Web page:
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There are two types of psychological interventions that are shown to be helpful for IBS (Irritable Bowel Syndrome). They are Gut Directed Hypnosis and Cognitive Behavioural Therapy (CBT).

Zoe offers the Manchester Gut Directed Hypnosis protocol and the North Carolina protocol, both are which shown to be effective through university research. Individuals usually receive significant benefits after 4 to 6 sessions of hypnosis. Sometimes individuals may find they need a few more to address any residual symptoms. 

Cognitive Behavioural Therapy can be an integral part of the healing process, which primarily aims to understand and address unhelpful thoughts and emotions which may be triggering or exacerbating your IBS symptoms. There is a high correlation with anxiety and depression with IBS, in terms of triggering symptoms, sustaining symptoms or due to the impact of symptoms. CBT also looks at behavioural changes which may also be helpful and developing positive coping strategies such as relaxation exercises.

A recent study showed Gut Directed Hypnosis was comparable in efficacy to a low FODMAP diet for IBS. Generally individuals experience up to a 70% improvement in IBS symptoms. Studies are showing great outcomes. A recent study of 1000 patients who had gut directed hypnosis for IBS reported 76% of participants had a positive response and  some of these had refractory IBS and doesn’t seem to matter what type of IBS either (constipation or diarrhoea predominant).  

Abdominal pain, bloating or distention, and bowel activity dysfunction (diarrhea or constipation) are all improved with gut directed hypnosis. The greatest improvement is seen in abdominal pain, which is reduced by an average of 50% or more in many studies. In follow-up studies, 81% of patients who initially improved from treatment fully maintained the therapeutic effect for up to 5 years post-treatment. Further, many of the remaining 19% reported only a partial return of symptoms.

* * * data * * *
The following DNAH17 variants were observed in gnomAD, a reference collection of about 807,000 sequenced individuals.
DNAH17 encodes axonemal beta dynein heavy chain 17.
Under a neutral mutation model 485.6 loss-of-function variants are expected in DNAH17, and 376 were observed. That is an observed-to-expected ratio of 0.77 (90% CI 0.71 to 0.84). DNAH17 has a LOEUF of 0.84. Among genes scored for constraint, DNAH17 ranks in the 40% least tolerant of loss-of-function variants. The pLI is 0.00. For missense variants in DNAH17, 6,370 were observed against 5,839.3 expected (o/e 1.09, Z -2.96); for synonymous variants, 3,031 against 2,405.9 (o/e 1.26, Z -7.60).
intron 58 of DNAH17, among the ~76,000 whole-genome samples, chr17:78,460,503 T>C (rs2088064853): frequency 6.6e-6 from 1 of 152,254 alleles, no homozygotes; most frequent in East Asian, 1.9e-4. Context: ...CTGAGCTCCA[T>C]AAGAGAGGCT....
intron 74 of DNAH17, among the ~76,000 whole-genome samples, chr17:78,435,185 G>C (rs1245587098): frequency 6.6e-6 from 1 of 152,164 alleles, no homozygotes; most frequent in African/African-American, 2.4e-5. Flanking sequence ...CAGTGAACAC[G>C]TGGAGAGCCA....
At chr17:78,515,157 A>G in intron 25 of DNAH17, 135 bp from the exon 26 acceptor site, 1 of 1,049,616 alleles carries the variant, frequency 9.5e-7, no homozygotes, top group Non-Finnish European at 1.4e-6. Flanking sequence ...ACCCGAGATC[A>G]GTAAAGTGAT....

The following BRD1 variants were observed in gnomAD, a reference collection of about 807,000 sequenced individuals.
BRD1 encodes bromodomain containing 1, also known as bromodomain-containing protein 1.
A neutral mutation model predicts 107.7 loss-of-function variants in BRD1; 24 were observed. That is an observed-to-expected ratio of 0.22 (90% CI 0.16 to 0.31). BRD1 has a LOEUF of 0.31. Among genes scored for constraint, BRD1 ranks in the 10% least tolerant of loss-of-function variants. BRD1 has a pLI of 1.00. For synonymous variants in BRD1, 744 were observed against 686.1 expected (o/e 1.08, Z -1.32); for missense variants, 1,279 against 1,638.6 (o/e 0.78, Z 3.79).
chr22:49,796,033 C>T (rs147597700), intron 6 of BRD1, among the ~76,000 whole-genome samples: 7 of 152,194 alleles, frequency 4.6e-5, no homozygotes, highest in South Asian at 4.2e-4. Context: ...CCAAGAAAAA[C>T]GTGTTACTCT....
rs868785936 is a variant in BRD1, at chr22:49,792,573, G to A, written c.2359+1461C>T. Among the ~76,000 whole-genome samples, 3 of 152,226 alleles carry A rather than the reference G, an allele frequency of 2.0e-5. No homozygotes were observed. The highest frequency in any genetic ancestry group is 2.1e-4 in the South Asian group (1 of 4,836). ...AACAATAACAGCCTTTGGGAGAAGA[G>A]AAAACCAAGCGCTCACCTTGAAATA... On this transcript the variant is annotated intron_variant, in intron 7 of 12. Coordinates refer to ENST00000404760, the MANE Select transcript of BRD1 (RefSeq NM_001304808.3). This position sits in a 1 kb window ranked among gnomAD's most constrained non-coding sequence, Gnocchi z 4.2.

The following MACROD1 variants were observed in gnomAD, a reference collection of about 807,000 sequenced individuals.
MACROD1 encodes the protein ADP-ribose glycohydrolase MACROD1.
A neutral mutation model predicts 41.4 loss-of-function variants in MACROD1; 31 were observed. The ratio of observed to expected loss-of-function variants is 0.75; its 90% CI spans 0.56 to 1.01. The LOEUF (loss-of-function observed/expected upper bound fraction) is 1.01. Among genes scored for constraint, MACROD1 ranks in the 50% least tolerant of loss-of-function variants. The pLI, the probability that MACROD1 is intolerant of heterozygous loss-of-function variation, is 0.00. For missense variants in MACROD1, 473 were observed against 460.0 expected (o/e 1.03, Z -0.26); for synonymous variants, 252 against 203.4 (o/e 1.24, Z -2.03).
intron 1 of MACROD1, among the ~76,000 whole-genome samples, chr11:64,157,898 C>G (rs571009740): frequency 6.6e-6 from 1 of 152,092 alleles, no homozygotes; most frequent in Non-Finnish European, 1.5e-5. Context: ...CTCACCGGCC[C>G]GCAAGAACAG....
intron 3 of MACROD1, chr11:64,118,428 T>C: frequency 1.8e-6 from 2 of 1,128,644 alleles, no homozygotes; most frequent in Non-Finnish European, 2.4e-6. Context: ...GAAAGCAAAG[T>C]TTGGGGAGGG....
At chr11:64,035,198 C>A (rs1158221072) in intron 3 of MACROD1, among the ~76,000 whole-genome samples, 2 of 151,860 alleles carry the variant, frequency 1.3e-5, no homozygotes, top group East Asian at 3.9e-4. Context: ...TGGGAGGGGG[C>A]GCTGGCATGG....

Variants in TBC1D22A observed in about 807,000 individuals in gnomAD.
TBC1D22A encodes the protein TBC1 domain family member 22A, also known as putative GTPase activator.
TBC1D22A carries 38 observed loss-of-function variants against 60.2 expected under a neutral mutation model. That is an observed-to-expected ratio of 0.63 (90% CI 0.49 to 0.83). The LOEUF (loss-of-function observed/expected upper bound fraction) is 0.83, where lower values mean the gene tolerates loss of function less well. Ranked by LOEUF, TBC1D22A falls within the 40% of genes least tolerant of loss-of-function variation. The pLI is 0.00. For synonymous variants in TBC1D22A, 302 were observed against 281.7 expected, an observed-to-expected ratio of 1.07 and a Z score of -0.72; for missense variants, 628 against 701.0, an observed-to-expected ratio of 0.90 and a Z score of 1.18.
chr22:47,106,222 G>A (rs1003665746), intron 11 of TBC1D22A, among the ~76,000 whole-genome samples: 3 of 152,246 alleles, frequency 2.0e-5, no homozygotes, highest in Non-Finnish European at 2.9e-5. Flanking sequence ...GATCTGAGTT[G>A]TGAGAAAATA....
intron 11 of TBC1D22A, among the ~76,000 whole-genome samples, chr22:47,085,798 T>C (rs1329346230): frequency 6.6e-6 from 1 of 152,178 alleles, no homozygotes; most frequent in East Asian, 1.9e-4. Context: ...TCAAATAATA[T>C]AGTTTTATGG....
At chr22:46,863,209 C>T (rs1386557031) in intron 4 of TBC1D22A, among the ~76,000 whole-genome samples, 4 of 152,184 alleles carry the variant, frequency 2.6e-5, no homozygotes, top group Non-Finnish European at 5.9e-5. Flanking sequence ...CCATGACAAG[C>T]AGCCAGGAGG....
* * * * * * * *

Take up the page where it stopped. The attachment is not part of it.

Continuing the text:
Although the motility issue with gastroparesis and the underlying pathology with IBD cannot be healed only treated; clients with IBD and gastroparesis (and many others with co-morbid psychological disorders and chronic health issues) report feeling more relaxed; more able to cope with life; better psychological well-being and report feeling 'more relaxed in their gut'.

Peters S.L., Yao C.K., Philpott H.Yelland, G.W., Muir J.G.Gibson P.R. (2016). Randomised clinical trial: the efficacy of gut-directed hypnotherapy is similar to that of the low FODMAP diet for the treatment of irritable bowel syndrome. Alimentary Pharmacology and Therapeutics. (5), pp. 447-59


Peters, S.L., Muir, G. J., Gibson, P.R. (2015).  Review article: gut-directed hypnotherapy in the management of irritable bowel syndrome and inflammatory Bowel Disease, Alimentary Pharmacology and Therapeutics.  41, (11), pp.1104-1115.

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